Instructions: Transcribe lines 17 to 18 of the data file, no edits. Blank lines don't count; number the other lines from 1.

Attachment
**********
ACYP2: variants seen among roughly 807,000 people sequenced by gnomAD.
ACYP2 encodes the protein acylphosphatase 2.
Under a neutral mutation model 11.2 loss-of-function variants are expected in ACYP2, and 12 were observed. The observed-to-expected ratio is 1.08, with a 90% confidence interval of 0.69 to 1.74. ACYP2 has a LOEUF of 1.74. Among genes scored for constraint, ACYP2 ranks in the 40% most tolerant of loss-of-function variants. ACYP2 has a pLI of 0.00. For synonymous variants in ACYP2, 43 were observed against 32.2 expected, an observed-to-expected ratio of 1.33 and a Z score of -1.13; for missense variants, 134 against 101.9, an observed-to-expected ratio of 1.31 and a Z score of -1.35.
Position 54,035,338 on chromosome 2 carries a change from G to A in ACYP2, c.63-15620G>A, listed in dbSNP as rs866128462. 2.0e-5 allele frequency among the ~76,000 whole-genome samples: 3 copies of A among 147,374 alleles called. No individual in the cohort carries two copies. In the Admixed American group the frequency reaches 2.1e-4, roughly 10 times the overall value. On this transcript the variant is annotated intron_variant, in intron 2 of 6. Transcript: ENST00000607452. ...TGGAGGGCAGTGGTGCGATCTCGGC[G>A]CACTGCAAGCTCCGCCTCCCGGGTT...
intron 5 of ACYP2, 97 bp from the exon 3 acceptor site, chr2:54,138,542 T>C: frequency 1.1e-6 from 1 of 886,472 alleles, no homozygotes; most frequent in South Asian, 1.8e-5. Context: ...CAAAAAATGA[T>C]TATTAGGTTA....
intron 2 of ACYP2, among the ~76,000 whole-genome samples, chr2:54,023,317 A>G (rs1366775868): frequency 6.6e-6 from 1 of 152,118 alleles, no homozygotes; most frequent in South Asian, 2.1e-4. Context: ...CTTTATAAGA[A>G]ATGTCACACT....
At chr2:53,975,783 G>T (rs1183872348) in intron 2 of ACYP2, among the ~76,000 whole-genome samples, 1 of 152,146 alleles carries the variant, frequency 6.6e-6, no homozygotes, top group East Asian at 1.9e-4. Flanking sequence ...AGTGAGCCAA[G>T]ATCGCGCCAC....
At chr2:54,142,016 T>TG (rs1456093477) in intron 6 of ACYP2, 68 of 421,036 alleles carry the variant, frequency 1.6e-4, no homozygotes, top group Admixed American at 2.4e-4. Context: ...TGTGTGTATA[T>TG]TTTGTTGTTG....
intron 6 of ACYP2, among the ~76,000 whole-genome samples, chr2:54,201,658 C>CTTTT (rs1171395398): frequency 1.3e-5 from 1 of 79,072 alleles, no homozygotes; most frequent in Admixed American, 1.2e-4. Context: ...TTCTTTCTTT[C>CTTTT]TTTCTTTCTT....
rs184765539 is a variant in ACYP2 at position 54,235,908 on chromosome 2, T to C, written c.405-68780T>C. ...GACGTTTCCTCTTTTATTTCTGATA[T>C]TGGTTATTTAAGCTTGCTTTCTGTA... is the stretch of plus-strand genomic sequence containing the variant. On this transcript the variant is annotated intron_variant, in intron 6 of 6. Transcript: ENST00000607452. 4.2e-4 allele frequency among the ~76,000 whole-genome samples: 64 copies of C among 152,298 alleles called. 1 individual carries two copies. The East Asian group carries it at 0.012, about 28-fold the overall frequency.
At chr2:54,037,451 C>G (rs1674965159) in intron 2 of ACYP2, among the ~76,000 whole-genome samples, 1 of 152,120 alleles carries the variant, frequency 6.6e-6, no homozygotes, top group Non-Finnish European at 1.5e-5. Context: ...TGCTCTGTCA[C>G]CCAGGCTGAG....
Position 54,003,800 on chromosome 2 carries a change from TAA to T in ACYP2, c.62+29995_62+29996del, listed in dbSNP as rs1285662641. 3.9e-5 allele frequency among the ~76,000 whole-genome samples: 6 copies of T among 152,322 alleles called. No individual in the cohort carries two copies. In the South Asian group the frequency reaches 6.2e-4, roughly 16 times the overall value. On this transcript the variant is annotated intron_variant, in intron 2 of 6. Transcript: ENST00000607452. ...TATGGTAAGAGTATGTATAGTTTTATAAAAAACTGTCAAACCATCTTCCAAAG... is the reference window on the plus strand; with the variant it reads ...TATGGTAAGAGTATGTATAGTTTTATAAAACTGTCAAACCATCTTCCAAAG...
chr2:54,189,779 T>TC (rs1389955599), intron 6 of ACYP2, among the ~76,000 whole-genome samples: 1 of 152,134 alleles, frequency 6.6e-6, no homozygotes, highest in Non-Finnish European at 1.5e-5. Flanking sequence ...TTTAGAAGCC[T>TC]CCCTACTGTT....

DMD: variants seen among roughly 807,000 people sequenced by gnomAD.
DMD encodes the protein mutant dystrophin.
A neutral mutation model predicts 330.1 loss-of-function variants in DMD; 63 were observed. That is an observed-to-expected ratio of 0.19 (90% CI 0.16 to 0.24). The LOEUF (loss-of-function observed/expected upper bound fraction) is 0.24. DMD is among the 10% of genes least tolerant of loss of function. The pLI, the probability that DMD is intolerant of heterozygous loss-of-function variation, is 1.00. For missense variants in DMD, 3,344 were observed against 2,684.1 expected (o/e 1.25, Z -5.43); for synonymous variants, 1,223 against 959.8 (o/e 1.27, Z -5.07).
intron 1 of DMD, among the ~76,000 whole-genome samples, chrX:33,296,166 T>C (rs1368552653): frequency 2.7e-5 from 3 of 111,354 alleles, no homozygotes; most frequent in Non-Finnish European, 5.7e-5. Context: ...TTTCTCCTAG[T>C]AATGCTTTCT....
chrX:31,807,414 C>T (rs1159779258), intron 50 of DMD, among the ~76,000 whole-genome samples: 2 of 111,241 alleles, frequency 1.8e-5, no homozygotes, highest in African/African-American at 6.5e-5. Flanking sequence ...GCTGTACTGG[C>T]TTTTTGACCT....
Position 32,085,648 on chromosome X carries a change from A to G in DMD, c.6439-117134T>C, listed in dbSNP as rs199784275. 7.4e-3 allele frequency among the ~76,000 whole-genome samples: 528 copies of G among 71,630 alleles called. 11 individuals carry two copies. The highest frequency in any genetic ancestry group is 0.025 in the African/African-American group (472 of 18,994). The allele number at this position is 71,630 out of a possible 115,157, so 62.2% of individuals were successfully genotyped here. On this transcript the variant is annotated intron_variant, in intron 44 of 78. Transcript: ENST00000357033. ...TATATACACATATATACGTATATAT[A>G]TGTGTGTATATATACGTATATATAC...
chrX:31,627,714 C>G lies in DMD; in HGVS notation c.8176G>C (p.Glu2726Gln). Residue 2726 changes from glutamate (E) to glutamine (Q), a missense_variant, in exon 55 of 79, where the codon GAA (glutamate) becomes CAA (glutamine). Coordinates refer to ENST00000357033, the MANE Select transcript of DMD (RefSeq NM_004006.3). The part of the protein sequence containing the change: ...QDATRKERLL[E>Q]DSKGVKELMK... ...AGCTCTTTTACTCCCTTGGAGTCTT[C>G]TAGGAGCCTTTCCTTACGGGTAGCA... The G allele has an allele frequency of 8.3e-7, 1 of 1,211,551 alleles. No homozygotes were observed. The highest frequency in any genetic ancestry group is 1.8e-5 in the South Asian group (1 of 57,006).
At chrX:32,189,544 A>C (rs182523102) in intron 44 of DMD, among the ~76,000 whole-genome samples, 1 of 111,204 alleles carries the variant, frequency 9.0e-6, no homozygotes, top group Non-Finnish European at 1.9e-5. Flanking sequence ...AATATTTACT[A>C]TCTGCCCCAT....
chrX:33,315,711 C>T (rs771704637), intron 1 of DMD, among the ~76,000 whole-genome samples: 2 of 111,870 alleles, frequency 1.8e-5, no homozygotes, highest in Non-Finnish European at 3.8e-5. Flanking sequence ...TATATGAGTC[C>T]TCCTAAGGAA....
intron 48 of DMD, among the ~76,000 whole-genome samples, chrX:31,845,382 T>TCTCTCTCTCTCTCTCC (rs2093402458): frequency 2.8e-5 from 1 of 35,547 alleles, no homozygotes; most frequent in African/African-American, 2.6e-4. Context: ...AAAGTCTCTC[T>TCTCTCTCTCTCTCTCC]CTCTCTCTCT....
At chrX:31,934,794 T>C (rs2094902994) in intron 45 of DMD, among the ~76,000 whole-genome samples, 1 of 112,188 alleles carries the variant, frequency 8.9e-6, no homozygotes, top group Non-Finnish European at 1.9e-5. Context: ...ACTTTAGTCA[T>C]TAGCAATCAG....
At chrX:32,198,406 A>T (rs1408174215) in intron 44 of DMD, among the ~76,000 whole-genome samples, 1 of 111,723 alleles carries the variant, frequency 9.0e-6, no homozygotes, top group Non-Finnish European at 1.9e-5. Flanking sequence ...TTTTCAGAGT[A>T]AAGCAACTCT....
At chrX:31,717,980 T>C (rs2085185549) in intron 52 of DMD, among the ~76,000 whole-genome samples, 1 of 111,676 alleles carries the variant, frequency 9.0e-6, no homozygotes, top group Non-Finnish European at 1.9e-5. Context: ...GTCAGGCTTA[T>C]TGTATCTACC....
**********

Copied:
intron 1 of DMD, among the ~76,000 whole-genome samples, chrX:33,296,166 T>C (rs1368552653): frequency 2.7e-5 from 3 of 111,354 alleles, no homozygotes; most frequent in Non-Finnish European, 5.7e-5. Context: ...TTTCTCCTAG[T>C]AATGCTTTCT....
chrX:31,807,414 C>T (rs1159779258), intron 50 of DMD, among the ~76,000 whole-genome samples: 2 of 111,241 alleles, frequency 1.8e-5, no homozygotes, highest in African/African-American at 6.5e-5. Flanking sequence ...GCTGTACTGG[C>T]TTTTTGACCT....